Lena is protesting when her bus stop cuts the conversation short. Three days later, she is given a disturbing story to transcribe. A blind woman has committed suicide by breaking into the Bronx Zoo, where she climbed into the lion’s den, and died by mauling. Nobody at The Record is much interested in this bizarre story, even after Arlene Lebow is identified and her body goes missing. Nobody but Lena Respass.

Arlene Lebow’s death cracks Lena’s self-imposed isolation. Why would an otherwise sane woman break into a zoo and swim the safely moat to a shoreline of waiting lions? Lena is determined to find out.

Along the way, Rowland makes some lacerating observations about the state of newspaper journalism and those producing it. While it's tempting to try matching The Transcriptionist’s more outrageous reporters with real people, readers are better off enjoying Rowland’s blistering portraits of wedding columnist Maggie Bradley, who mistakes Lena for a machine, war correspondent Katheryn Keel, who rhapsodizes about being embedded with Marines in the Middle East, and newt-like assistant editor Boris Hackney, who demands "Let’s see some high, high metabolism!" of his rambunctiously adolescent newsroom.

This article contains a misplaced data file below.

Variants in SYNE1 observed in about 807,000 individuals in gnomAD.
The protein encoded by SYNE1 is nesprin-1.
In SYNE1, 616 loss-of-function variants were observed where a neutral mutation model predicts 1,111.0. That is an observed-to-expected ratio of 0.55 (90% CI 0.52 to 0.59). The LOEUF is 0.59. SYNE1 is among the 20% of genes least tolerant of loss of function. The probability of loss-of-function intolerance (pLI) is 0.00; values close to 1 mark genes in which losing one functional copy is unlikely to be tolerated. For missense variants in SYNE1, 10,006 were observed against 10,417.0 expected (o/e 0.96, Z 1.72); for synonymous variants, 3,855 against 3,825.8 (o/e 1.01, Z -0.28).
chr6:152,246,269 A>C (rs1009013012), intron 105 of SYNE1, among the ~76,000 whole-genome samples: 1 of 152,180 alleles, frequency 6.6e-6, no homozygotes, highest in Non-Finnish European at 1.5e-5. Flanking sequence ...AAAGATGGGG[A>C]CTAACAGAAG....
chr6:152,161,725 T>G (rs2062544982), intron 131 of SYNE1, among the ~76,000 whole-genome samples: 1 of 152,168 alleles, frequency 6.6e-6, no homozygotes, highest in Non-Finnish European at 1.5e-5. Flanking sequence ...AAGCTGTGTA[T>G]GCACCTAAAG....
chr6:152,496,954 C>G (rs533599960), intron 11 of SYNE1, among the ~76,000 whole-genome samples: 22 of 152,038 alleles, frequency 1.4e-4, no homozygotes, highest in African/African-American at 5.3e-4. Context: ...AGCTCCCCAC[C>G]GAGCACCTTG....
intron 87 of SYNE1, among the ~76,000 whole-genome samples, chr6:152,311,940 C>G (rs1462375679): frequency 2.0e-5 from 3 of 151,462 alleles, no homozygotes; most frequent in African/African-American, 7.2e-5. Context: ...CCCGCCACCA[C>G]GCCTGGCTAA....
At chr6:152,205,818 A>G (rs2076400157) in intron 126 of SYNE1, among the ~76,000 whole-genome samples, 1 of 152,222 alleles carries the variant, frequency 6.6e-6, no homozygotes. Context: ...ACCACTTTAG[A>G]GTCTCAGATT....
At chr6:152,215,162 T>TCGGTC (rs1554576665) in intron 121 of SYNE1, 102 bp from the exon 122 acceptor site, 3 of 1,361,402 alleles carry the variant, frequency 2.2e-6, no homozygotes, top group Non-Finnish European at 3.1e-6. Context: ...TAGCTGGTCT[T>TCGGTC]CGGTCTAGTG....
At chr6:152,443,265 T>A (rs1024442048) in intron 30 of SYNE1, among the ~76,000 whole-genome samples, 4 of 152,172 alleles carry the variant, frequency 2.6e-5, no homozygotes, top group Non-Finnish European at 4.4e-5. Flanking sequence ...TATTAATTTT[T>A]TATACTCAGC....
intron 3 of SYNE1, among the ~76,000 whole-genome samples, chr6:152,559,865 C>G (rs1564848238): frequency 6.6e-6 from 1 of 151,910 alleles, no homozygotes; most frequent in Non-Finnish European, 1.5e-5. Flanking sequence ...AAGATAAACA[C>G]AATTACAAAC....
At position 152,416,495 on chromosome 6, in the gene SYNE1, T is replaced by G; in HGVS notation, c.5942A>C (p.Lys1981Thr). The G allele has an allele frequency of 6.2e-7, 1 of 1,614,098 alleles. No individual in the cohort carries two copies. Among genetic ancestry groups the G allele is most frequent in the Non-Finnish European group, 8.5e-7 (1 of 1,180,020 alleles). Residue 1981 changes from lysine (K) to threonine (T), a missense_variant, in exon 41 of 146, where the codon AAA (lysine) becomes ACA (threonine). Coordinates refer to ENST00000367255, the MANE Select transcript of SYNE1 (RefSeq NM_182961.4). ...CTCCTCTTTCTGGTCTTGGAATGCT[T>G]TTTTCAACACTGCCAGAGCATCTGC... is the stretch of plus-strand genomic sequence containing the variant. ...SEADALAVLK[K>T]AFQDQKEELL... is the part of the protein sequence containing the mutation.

The journey from the 1th floor to the truth about Arlene’s death requires playing fast and loose with news credentials and, at times, the narrative. Rowland is a gifted writer whose memorably lovely sentences ensure that the novel’s more idiosyncratic moments work. And idiosyncratic moments there are: at times Lena’s behavior borders on irrational. She takes to leaving late-night voice messages for Arlene on the Records Room voicemail. A stop at Arlene’s now-empty apartment violates journalistic ethics, the law, and perhaps reality, while visits to Arlene’s sister Ellen are well-intentioned, yet shrouded in dishonesty.

More realistic moments include a visit to an animal sanctuary, where Robert the lion sits silently unresponsive in his cage. He has ceased eating since Arlene’s death, prompting his keepers to move him from the zoo. Lena’s visit is fruitless; even as she gazes into Robert’s eyes, the gap between human and animal proves unbridgeable. A ferry trip to Hart Island is more productive. Here, New York City’s unclaimed and unidentified dead are buried. Lena finds herself amid a group of convicts on burial duty. The men inter the anonymous deceased with touching respect and decency.